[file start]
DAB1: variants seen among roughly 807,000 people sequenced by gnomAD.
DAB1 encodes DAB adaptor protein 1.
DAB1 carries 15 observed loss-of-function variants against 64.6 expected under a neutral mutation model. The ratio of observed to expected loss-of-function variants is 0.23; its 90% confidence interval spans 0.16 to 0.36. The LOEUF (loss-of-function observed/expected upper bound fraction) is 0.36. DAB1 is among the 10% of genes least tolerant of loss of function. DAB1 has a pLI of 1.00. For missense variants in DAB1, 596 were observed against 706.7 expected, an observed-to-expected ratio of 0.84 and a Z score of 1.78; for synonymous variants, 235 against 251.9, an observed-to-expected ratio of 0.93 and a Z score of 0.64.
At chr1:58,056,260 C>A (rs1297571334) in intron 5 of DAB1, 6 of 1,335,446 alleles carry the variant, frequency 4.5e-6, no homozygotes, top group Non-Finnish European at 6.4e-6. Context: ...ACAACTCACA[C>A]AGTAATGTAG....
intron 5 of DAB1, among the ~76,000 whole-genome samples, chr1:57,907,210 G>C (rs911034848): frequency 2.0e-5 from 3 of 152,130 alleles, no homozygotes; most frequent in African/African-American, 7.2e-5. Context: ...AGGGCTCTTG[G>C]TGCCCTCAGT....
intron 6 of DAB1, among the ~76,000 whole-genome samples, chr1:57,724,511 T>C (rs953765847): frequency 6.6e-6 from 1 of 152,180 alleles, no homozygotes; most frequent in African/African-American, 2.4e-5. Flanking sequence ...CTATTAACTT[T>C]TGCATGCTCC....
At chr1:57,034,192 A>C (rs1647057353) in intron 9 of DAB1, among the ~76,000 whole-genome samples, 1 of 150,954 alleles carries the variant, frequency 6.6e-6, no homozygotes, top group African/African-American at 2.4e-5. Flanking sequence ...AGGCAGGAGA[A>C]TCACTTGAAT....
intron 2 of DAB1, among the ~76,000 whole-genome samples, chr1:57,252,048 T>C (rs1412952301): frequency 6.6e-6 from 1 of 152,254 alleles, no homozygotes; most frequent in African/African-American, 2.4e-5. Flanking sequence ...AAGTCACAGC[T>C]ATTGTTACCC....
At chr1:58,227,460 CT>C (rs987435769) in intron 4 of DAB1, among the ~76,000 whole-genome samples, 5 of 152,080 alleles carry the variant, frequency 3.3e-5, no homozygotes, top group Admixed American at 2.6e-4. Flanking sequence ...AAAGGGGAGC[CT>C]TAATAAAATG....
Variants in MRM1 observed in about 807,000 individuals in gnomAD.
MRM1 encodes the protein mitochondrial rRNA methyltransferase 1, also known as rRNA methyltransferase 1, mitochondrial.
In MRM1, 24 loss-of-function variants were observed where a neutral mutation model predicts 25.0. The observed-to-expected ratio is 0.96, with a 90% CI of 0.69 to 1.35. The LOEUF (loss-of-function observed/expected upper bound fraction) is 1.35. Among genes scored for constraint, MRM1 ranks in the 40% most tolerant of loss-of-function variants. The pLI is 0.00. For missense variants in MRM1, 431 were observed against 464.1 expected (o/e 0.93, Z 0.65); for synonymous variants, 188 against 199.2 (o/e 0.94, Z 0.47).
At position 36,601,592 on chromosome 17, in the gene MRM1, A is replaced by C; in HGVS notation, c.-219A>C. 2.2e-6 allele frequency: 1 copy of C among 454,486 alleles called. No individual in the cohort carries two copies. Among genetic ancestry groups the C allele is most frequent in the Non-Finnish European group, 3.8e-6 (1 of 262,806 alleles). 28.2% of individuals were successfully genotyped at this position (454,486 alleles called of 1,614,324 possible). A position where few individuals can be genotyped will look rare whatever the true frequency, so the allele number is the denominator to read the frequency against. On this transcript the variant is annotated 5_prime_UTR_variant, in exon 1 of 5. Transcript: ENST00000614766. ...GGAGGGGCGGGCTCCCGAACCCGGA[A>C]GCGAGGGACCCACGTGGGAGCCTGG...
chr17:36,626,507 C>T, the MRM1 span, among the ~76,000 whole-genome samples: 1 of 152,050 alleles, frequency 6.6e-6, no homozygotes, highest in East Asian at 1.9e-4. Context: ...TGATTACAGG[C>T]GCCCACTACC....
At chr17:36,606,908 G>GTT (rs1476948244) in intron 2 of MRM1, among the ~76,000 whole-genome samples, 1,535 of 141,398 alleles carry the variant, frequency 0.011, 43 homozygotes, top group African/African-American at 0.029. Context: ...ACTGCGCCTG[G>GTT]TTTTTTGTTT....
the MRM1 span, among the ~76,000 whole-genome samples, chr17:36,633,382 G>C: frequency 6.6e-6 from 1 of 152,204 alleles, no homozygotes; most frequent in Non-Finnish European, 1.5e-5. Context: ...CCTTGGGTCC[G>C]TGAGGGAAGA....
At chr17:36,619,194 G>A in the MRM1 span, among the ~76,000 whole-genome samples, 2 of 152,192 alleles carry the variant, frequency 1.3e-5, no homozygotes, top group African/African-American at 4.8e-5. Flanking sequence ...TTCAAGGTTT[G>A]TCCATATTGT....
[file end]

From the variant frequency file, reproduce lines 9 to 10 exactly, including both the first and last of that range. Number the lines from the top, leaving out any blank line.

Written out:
At chr1:58,227,460 CT>C (rs987435769) in intron 4 of DAB1, among the ~76,000 whole-genome samples, 5 of 152,080 alleles carry the variant, frequency 3.3e-5, no homozygotes, top group Admixed American at 2.6e-4. Flanking sequence ...AAAGGGGAGC[CT>C]TAATAAAATG....
Variants in MRM1 observed in about 807,000 individuals in gnomAD.